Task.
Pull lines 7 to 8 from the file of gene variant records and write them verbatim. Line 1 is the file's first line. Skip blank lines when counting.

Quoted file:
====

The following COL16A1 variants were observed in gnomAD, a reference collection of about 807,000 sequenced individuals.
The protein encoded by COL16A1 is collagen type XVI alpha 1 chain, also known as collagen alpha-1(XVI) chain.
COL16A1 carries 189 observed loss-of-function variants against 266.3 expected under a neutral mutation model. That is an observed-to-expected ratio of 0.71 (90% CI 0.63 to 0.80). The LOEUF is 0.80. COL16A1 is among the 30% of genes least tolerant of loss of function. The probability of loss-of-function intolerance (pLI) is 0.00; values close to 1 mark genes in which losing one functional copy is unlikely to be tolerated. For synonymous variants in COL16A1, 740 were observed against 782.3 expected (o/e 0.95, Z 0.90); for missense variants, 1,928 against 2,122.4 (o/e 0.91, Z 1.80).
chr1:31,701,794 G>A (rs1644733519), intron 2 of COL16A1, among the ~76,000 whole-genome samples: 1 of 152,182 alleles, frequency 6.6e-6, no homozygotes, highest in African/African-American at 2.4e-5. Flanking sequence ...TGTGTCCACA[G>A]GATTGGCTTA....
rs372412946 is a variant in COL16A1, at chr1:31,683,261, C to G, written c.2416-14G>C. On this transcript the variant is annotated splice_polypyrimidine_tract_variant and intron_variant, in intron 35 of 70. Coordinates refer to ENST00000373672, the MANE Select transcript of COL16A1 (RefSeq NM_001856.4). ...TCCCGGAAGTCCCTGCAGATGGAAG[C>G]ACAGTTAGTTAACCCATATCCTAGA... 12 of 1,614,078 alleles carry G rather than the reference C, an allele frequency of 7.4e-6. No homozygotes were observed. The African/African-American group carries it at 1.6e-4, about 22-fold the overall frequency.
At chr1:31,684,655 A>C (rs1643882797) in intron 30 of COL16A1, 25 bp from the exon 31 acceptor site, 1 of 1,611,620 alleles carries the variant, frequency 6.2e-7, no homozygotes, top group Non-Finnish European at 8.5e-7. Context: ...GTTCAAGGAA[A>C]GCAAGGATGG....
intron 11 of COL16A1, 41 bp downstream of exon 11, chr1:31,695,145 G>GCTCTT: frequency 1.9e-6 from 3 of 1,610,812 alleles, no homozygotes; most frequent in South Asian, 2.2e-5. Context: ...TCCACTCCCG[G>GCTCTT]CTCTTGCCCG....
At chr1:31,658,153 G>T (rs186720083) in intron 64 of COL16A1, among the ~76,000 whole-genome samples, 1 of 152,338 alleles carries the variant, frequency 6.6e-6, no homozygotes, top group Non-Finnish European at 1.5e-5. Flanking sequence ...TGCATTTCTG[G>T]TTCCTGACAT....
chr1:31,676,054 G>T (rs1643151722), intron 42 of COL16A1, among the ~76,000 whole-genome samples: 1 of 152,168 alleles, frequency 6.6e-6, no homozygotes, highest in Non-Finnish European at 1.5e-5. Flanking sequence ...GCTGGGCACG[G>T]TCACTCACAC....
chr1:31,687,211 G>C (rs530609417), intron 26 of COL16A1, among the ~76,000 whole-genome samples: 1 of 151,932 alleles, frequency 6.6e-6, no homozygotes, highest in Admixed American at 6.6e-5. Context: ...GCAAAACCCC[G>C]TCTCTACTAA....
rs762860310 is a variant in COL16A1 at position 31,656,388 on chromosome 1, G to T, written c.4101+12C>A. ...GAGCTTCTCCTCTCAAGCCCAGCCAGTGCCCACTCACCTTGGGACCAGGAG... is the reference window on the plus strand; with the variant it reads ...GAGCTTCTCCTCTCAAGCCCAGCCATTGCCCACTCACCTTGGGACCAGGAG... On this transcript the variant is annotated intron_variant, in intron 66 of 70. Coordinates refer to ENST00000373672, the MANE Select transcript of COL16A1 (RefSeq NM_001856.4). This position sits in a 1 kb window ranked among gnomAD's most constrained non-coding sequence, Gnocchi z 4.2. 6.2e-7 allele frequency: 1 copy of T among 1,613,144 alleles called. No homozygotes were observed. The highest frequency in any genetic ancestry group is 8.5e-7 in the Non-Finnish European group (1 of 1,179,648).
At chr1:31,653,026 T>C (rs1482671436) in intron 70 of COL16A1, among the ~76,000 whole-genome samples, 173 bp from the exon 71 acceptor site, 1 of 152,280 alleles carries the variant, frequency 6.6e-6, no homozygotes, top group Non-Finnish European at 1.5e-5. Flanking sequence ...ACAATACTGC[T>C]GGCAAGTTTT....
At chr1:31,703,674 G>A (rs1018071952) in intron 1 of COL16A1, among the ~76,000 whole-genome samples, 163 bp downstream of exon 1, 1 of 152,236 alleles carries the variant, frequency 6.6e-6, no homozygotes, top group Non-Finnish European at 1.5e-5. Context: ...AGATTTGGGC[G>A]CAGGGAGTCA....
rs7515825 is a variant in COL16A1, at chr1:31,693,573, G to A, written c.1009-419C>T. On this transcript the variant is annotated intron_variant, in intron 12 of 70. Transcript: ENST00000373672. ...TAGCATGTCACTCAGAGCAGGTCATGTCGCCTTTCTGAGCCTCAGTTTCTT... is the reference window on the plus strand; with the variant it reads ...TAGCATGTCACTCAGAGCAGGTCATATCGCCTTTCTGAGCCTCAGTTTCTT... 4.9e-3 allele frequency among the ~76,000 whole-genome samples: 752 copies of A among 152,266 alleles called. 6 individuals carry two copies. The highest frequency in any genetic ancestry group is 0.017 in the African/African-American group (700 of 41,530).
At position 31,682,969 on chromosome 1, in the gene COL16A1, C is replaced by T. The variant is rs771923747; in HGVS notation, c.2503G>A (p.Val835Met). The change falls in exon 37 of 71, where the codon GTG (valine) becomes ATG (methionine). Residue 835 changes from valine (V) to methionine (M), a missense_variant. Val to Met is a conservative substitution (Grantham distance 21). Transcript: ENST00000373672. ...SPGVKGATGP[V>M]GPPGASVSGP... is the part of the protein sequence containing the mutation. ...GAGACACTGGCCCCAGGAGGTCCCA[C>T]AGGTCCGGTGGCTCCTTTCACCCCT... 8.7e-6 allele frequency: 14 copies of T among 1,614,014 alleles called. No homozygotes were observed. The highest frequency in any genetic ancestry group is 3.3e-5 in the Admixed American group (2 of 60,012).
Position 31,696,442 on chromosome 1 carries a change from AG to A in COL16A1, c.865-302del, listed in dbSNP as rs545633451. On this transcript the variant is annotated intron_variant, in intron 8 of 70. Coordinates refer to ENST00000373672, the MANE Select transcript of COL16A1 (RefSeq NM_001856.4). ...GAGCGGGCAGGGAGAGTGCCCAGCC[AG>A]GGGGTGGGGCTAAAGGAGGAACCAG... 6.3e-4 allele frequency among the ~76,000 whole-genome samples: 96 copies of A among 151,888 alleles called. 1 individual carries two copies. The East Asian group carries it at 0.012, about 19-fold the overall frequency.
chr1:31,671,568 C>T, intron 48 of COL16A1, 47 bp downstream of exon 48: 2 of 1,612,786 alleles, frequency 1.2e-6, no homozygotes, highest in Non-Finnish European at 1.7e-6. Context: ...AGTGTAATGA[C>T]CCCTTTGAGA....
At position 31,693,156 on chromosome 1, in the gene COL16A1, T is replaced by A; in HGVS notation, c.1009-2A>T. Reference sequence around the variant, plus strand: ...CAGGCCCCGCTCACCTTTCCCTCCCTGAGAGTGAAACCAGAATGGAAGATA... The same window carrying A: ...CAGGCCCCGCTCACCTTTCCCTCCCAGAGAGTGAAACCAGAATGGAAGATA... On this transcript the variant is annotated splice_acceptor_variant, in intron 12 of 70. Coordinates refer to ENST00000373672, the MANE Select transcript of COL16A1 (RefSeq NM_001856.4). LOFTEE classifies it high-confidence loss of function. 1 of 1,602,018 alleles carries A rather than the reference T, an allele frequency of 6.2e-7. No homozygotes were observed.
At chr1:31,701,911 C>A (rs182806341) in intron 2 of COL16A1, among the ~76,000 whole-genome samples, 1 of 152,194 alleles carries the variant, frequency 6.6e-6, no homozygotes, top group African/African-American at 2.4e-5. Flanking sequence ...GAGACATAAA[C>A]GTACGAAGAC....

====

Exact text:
intron 11 of COL16A1, 41 bp downstream of exon 11, chr1:31,695,145 G>GCTCTT: frequency 1.9e-6 from 3 of 1,610,812 alleles, no homozygotes; most frequent in South Asian, 2.2e-5. Context: ...TCCACTCCCG[G>GCTCTT]CTCTTGCCCG....
At chr1:31,658,153 G>T (rs186720083) in intron 64 of COL16A1, among the ~76,000 whole-genome samples, 1 of 152,338 alleles carries the variant, frequency 6.6e-6, no homozygotes, top group Non-Finnish European at 1.5e-5. Flanking sequence ...TGCATTTCTG[G>T]TTCCTGACAT....